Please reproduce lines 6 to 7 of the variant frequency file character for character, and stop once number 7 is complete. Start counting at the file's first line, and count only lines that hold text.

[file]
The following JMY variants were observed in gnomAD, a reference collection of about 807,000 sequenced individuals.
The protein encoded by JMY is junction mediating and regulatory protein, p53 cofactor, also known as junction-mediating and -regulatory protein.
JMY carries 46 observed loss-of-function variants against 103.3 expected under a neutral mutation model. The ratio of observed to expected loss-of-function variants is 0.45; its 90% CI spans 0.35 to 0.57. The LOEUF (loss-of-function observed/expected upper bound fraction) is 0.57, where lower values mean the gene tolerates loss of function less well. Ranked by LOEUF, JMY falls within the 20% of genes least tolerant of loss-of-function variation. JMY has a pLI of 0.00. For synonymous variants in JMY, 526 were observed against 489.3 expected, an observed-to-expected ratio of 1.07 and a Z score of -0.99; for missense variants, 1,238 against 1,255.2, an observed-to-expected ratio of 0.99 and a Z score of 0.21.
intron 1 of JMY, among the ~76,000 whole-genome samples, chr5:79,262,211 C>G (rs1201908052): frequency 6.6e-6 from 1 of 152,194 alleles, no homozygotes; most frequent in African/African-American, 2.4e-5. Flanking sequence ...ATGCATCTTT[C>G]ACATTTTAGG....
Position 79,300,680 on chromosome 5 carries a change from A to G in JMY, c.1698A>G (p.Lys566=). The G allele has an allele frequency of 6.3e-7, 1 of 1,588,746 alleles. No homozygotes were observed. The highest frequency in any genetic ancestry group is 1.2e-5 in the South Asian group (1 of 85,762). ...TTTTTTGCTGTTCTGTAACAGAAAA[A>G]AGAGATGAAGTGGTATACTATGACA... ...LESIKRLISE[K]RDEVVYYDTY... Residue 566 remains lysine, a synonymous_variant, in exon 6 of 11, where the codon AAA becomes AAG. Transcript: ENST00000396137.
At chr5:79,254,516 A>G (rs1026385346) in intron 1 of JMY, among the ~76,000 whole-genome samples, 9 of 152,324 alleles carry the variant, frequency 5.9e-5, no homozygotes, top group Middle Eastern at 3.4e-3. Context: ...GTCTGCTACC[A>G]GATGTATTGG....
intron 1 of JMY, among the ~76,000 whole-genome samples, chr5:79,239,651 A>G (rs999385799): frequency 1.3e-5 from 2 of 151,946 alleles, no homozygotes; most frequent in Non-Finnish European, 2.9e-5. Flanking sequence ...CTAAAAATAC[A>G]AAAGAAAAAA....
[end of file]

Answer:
At chr5:79,254,516 A>G (rs1026385346) in intron 1 of JMY, among the ~76,000 whole-genome samples, 9 of 152,324 alleles carry the variant, frequency 5.9e-5, no homozygotes, top group Middle Eastern at 3.4e-3. Context: ...GTCTGCTACC[A>G]GATGTATTGG....
intron 1 of JMY, among the ~76,000 whole-genome samples, chr5:79,239,651 A>G (rs999385799): frequency 1.3e-5 from 2 of 151,946 alleles, no homozygotes; most frequent in Non-Finnish European, 2.9e-5. Flanking sequence ...CTAAAAATAC[A>G]AAAGAAAAAA....